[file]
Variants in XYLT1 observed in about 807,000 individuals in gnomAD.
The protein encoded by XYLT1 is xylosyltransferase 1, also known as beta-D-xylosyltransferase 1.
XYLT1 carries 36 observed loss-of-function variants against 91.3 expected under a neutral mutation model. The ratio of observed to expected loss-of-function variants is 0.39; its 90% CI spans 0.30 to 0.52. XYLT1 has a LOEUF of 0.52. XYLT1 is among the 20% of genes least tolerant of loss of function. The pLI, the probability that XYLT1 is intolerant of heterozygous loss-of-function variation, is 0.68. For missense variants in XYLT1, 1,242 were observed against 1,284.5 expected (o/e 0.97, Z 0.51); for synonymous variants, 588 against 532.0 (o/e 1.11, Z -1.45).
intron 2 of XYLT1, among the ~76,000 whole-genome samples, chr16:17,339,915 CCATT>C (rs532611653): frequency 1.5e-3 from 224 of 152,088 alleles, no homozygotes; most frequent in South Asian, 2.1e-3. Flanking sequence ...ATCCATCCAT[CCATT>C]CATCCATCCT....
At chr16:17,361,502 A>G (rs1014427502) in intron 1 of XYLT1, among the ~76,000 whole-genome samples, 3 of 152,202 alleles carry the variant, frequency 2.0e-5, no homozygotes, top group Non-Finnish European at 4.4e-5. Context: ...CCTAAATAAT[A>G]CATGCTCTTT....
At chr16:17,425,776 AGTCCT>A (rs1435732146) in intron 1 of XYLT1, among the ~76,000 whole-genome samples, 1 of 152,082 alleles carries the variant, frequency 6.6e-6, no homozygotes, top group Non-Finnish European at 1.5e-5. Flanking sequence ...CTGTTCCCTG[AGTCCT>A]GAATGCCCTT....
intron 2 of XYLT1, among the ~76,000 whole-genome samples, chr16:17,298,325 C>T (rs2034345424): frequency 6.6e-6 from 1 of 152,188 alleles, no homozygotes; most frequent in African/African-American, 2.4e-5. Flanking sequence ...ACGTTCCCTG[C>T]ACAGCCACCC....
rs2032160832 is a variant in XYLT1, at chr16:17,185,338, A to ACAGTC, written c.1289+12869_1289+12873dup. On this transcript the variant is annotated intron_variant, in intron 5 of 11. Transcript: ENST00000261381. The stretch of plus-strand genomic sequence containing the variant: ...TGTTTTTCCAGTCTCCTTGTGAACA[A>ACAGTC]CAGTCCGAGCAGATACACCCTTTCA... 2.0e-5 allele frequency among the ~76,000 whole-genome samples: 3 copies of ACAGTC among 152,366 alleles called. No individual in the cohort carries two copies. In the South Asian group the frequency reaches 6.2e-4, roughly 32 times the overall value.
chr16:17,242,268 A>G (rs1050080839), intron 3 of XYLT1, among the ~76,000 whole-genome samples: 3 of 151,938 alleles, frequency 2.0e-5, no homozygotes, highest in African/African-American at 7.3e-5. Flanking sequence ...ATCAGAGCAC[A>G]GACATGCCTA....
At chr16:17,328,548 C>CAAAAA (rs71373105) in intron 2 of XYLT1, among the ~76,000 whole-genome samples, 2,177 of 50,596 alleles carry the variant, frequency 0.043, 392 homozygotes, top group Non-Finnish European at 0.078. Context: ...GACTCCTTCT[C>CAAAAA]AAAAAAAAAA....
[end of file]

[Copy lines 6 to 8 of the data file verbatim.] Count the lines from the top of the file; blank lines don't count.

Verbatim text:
At chr16:17,425,776 AGTCCT>A (rs1435732146) in intron 1 of XYLT1, among the ~76,000 whole-genome samples, 1 of 152,082 alleles carries the variant, frequency 6.6e-6, no homozygotes, top group Non-Finnish European at 1.5e-5. Flanking sequence ...CTGTTCCCTG[AGTCCT>A]GAATGCCCTT....
intron 2 of XYLT1, among the ~76,000 whole-genome samples, chr16:17,298,325 C>T (rs2034345424): frequency 6.6e-6 from 1 of 152,188 alleles, no homozygotes; most frequent in African/African-American, 2.4e-5. Flanking sequence ...ACGTTCCCTG[C>T]ACAGCCACCC....
rs2032160832 is a variant in XYLT1, at chr16:17,185,338, A to ACAGTC, written c.1289+12869_1289+12873dup. On this transcript the variant is annotated intron_variant, in intron 5 of 11. Transcript: ENST00000261381. The stretch of plus-strand genomic sequence containing the variant: ...TGTTTTTCCAGTCTCCTTGTGAACA[A>ACAGTC]CAGTCCGAGCAGATACACCCTTTCA... 2.0e-5 allele frequency among the ~76,000 whole-genome samples: 3 copies of ACAGTC among 152,366 alleles called. No individual in the cohort carries two copies. In the South Asian group the frequency reaches 6.2e-4, roughly 32 times the overall value.